London Fire Brigade placed in ‘special measures’

Move made after report revealed widespread racism and sexism within the organisation, reports Joe Talora, Local Democracy Reporter

London Fire Brigade
credit London Fire Brigade

London Fire Brigade has been placed into “special measures” following a damning report which found evidence of institutional misogyny and racism.

His Majesty’s Chief Inspector of Fire and Rescue Services announced on Wednesday that London Fire Brigade (LFB) would be subject to “an enhanced level of monitoring” following the review carried out by Nazir Afzal which found “deep seated” problems throughout the service.

It comes just six months after the Metropolitan Police was placed into a form of special measures by His Majesty’s Inspectorate of Constabulary following a series of damaging scandals.

HM Inspector of Fire and Rescue Services Matt Parr said the LFB’s move into enhanced monitoring would mean that inspectors will examine it’s plans for improvement “more frequently and more intrusively”.

He said: “We should recognise that London Fire Brigade’s recent cultural review was commissioned by the brigade, whose leadership has accepted its findings without reservation.

“However, it is clear that the behavioural problems we highlighted earlier this year are deep seated and have not improved. The engage process provides additional scrutiny of the brigade’s plans, and support for them from across the fire sector.”

The review into the culture of the London Fire Brigade was launched following the death of 21-year-old trainee firefighter Jaden Francois-Esprit who killed himself after he was subject to racist bullying at his Wembley Fire Station.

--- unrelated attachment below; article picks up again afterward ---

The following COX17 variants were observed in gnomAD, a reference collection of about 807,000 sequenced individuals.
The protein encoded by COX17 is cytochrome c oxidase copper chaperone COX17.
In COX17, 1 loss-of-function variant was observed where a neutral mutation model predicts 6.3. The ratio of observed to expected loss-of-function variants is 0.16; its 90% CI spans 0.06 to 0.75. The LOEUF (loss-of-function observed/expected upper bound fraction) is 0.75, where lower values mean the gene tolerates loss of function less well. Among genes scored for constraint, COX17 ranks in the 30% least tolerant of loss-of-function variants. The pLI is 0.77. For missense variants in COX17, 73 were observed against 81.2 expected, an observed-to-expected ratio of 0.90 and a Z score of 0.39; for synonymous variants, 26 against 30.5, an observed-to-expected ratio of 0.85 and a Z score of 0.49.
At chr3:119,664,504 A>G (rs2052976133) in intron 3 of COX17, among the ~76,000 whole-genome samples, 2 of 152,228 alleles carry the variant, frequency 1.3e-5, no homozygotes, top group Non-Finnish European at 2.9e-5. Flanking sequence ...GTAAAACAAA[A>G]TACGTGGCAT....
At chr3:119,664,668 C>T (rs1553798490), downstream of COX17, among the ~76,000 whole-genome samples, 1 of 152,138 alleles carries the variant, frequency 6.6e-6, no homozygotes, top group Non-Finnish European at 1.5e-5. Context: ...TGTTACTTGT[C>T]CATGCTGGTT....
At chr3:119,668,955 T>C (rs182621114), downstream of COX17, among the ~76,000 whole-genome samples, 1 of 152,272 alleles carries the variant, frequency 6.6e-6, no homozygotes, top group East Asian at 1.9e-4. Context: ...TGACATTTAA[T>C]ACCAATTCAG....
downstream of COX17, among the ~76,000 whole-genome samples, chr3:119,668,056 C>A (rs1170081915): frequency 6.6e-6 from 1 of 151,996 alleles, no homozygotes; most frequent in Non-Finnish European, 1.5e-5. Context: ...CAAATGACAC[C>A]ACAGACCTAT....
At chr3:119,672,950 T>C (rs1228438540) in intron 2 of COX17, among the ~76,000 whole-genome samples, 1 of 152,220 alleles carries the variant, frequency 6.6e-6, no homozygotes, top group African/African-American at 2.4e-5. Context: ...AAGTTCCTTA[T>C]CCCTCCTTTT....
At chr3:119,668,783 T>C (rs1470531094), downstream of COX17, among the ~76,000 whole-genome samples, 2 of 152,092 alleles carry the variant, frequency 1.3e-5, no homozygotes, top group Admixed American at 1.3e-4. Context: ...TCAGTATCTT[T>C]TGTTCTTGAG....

Among the shocking findings of the review were accounts of firefighters leaving a noose on the locker of a black colleague, a Muslim firefighter having pork sausages stuffed into his pockets, and female firefighters being subjected to sexual harassment and misogynistic bullying.

London Fire Commissioner Andy Roe said: “I recognised that LFB’s culture needed to improve which is why I commissioned the independent culture review and took immediate actions when it was published last month. Our external complaints service is supporting colleagues and a zero-tolerance approach to discrimination, harassment and bullying means all staff know what behaviours aren’t tolerated.

“Change is happening now and from the face to face meetings I’ve been having with firefighters and other staff shows there is a passion to make sure our culture works for everyone. We welcome the additional support as part of the Inspectorate’s enhanced monitoring programme and I look forward to working with them and other partners to monitor progress and change in the future.”

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